People v. Pearce (1970)

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[im. No. 16816. Court of Appeals of California, Second Appellate District, Division Five. June 19, 1970.]

THE PEOPLE, Plaintiff and Respondent, v. WYLIE LAWRENCE PEARCE, Defendant and Appellant

(Opinion by Stephens, Acting P. J., with Reppy and Aiso, JJ., concurring.)

COUNSEL

Richard H. Levin, under appointment by the Court of Appeal, for Defendant and Appellant.

Thomas C. Lynch, Attorney General, William E. James, Assistant Attorney General, and Thomas Kallay, Deputy Attorney General, for Plaintiff and Respondent.

OPINION

STEPHENS, Acting P. J.

After being charged by indictment, defendant was found guilty of possession of marijuana (Health & Saf. Code, § 11530) and sale of heroin (Health & Saf. Code, § 11501). He appeals from the judgment.

No recitation of the facts is required here, for there is no contention of insufficiency of the evidence, or other question raised necessitating reference to them. The contention on appeal is that "Proceeding by Indictment is Unconstitutional."

The Fifth Amendment of the United States Constitution provides in part that no person shall be held to answer for a capital or otherwise infamous crime unless on a presentment or indictment by a grand jury. The due process of such a method of accusation had been approved. (Smith v. United States, 360 U.S. 1 [3 L. Ed. 2d 1041, 79 S. Ct. 991].) Article 1, section 8 of the California Constitution provides in part that "Offenses heretofore required to be prosecuted by indictment shall be prosecuted by information, after examination and commitment by a magistrate, or by indictment, with or without such examination and commitment, as may be prescribed by law."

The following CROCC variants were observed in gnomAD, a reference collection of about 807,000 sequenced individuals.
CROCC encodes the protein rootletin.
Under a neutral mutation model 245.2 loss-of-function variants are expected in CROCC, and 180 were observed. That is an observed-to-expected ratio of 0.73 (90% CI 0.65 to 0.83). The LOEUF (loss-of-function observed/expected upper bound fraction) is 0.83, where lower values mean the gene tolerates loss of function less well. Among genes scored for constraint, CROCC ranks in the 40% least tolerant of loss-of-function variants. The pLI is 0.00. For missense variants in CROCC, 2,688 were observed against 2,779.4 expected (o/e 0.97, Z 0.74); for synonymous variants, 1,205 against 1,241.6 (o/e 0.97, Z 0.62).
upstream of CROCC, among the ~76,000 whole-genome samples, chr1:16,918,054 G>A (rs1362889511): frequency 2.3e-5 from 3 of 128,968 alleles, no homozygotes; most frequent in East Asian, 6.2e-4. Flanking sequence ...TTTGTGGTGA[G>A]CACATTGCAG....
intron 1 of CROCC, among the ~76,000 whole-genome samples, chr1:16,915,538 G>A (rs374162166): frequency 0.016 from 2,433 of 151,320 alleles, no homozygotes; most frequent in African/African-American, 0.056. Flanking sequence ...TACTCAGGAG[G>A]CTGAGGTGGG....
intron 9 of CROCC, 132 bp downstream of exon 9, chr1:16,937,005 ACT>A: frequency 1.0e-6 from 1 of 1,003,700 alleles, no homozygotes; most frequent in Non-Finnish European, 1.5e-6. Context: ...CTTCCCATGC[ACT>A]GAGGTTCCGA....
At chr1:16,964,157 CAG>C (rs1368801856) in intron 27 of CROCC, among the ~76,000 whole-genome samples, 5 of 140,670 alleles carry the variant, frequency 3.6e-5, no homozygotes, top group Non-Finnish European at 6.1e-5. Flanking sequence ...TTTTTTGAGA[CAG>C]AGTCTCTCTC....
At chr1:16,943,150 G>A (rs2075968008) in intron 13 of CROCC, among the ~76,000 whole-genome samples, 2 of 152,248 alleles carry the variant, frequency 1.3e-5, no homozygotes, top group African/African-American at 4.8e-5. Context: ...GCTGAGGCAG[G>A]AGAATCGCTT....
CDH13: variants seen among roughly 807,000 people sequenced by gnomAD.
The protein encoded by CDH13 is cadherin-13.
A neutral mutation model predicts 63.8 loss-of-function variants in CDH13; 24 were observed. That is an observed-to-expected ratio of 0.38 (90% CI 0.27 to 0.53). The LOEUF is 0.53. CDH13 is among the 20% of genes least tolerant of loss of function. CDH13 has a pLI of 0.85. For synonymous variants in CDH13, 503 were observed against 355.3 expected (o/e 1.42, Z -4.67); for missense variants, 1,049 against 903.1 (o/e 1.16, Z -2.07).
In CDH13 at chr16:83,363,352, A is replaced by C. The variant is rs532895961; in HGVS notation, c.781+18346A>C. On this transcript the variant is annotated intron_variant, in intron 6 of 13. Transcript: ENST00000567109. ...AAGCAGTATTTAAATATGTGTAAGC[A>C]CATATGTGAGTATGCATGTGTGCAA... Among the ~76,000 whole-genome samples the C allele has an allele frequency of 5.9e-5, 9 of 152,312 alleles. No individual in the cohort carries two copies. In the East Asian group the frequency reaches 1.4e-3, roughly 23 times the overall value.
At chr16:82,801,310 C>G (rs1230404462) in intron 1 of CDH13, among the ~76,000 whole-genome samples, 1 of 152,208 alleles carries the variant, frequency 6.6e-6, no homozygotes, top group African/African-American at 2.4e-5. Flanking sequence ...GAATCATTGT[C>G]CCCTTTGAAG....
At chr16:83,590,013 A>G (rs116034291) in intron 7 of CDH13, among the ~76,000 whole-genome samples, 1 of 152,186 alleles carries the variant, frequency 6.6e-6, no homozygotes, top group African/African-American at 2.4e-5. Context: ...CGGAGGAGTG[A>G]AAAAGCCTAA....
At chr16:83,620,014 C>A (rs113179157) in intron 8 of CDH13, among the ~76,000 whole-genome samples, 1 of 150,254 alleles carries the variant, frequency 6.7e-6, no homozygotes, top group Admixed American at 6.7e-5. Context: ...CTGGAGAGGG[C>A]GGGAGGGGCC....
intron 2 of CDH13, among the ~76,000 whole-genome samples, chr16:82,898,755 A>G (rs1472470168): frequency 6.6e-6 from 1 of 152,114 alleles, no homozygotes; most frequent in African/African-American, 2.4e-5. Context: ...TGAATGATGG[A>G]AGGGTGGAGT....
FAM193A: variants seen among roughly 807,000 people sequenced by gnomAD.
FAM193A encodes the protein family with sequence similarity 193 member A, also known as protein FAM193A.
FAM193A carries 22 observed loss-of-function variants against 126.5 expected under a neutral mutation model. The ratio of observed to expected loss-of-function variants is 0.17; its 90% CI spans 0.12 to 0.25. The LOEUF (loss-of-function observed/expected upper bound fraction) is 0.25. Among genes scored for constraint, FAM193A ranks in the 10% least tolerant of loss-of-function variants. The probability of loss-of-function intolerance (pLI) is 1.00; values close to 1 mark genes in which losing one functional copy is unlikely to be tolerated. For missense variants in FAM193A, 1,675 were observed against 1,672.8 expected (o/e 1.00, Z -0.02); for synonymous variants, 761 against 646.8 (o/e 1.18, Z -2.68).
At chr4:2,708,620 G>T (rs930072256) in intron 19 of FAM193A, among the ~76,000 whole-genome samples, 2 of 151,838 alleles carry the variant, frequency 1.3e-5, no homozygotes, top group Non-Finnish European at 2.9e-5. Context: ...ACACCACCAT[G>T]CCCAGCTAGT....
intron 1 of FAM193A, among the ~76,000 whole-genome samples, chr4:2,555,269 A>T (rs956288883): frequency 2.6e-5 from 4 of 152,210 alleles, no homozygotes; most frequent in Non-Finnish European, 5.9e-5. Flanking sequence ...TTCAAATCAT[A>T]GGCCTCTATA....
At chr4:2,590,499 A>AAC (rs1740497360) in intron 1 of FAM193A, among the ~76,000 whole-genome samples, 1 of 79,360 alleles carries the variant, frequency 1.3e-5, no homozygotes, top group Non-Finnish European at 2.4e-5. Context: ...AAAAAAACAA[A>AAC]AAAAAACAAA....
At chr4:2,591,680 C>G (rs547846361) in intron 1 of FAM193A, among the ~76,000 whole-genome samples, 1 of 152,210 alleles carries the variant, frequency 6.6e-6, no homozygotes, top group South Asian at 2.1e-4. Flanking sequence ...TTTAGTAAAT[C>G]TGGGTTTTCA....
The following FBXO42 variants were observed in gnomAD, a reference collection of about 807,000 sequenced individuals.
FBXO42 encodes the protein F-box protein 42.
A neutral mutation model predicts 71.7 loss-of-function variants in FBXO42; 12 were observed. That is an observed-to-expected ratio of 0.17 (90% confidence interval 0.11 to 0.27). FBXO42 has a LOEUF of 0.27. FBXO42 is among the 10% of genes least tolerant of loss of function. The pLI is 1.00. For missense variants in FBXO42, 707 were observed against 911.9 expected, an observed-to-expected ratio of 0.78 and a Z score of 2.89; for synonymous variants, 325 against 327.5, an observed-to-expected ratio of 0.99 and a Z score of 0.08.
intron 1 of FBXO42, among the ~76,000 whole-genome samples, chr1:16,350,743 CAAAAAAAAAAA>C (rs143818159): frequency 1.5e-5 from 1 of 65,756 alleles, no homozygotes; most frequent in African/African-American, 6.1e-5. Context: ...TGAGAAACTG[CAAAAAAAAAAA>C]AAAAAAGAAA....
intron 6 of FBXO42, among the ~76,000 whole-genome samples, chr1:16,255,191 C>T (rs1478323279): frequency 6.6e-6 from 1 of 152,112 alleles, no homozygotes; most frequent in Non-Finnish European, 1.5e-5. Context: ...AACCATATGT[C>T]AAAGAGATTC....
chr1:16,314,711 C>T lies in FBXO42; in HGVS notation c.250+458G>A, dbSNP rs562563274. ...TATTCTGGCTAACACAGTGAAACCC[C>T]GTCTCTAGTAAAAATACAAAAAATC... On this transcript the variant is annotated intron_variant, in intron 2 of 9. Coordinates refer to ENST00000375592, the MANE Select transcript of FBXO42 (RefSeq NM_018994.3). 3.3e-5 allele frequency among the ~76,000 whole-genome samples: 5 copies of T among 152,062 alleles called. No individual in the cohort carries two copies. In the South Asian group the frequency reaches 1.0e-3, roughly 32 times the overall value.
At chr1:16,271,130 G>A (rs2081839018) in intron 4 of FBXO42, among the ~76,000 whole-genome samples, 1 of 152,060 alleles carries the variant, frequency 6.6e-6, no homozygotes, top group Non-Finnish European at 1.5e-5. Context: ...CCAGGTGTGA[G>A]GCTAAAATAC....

[1] While prosecution by way of information after a preliminary hearing has been attacked as a denial of due process, it has been approved as a proper method of procedure. (Hurtado v. California, 110 U.S. 516 [28 L. Ed. 232, 4 S. Ct. 111]; People v. Stradwick, 215 Cal. App. 2d 839 [30 Cal. Rptr. 791].)

[2] Defendant urges that a person indicted is deprived of many of the rights afforded a person who is prosecuted after a hearing before a magistrate. He relies upon language in People v. Baker, 231 Cal. App. 2d 301, 307 [41 Cal. Rptr. 696, 11 A.L.R.3d 1046]: "In our opinion proceeding by way of information and preliminary examination is more substantial due [8 Cal. App. 3d 987] process than proceeding by way of indictment." The statement followed reliance upon Hurtado v. California, supra, as determinative of one of the contentions then before that court. The instant question was not before the court in Baker, and it is our opinion that to stretch the meaning of the quoted sentence as authority here is to reach the breaking point of reasoning.